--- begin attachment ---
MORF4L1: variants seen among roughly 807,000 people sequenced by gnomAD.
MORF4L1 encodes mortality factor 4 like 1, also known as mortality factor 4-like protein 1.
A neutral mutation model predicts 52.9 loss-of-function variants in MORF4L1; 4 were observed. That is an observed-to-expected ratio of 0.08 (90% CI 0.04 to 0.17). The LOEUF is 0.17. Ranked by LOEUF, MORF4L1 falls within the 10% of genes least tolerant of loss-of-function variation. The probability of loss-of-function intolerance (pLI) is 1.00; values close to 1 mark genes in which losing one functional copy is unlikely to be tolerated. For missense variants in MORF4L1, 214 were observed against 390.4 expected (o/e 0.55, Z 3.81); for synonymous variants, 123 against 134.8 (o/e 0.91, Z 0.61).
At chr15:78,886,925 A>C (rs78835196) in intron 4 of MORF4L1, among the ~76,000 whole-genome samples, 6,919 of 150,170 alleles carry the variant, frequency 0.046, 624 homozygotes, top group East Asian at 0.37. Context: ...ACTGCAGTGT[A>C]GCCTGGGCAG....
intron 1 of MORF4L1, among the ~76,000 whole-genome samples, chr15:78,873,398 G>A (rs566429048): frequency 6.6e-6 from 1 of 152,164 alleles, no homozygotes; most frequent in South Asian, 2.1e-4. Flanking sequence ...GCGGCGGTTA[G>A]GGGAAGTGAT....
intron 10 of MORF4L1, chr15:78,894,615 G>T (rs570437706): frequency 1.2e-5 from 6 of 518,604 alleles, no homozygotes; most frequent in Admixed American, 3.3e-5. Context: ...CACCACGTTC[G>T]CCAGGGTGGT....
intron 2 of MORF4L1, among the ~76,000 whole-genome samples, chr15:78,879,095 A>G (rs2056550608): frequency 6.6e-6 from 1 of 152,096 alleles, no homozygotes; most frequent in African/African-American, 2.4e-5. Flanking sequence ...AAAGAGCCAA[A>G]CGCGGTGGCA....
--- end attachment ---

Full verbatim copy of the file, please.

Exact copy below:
MORF4L1: variants seen among roughly 807,000 people sequenced by gnomAD.
MORF4L1 encodes mortality factor 4 like 1, also known as mortality factor 4-like protein 1.
A neutral mutation model predicts 52.9 loss-of-function variants in MORF4L1; 4 were observed. That is an observed-to-expected ratio of 0.08 (90% CI 0.04 to 0.17). The LOEUF is 0.17. Ranked by LOEUF, MORF4L1 falls within the 10% of genes least tolerant of loss-of-function variation. The probability of loss-of-function intolerance (pLI) is 1.00; values close to 1 mark genes in which losing one functional copy is unlikely to be tolerated. For missense variants in MORF4L1, 214 were observed against 390.4 expected (o/e 0.55, Z 3.81); for synonymous variants, 123 against 134.8 (o/e 0.91, Z 0.61).
At chr15:78,886,925 A>C (rs78835196) in intron 4 of MORF4L1, among the ~76,000 whole-genome samples, 6,919 of 150,170 alleles carry the variant, frequency 0.046, 624 homozygotes, top group East Asian at 0.37. Context: ...ACTGCAGTGT[A>C]GCCTGGGCAG....
intron 1 of MORF4L1, among the ~76,000 whole-genome samples, chr15:78,873,398 G>A (rs566429048): frequency 6.6e-6 from 1 of 152,164 alleles, no homozygotes; most frequent in South Asian, 2.1e-4. Flanking sequence ...GCGGCGGTTA[G>A]GGGAAGTGAT....
intron 10 of MORF4L1, chr15:78,894,615 G>T (rs570437706): frequency 1.2e-5 from 6 of 518,604 alleles, no homozygotes; most frequent in Admixed American, 3.3e-5. Context: ...CACCACGTTC[G>T]CCAGGGTGGT....
intron 2 of MORF4L1, among the ~76,000 whole-genome samples, chr15:78,879,095 A>G (rs2056550608): frequency 6.6e-6 from 1 of 152,096 alleles, no homozygotes; most frequent in African/African-American, 2.4e-5. Flanking sequence ...AAAGAGCCAA[A>G]CGCGGTGGCA....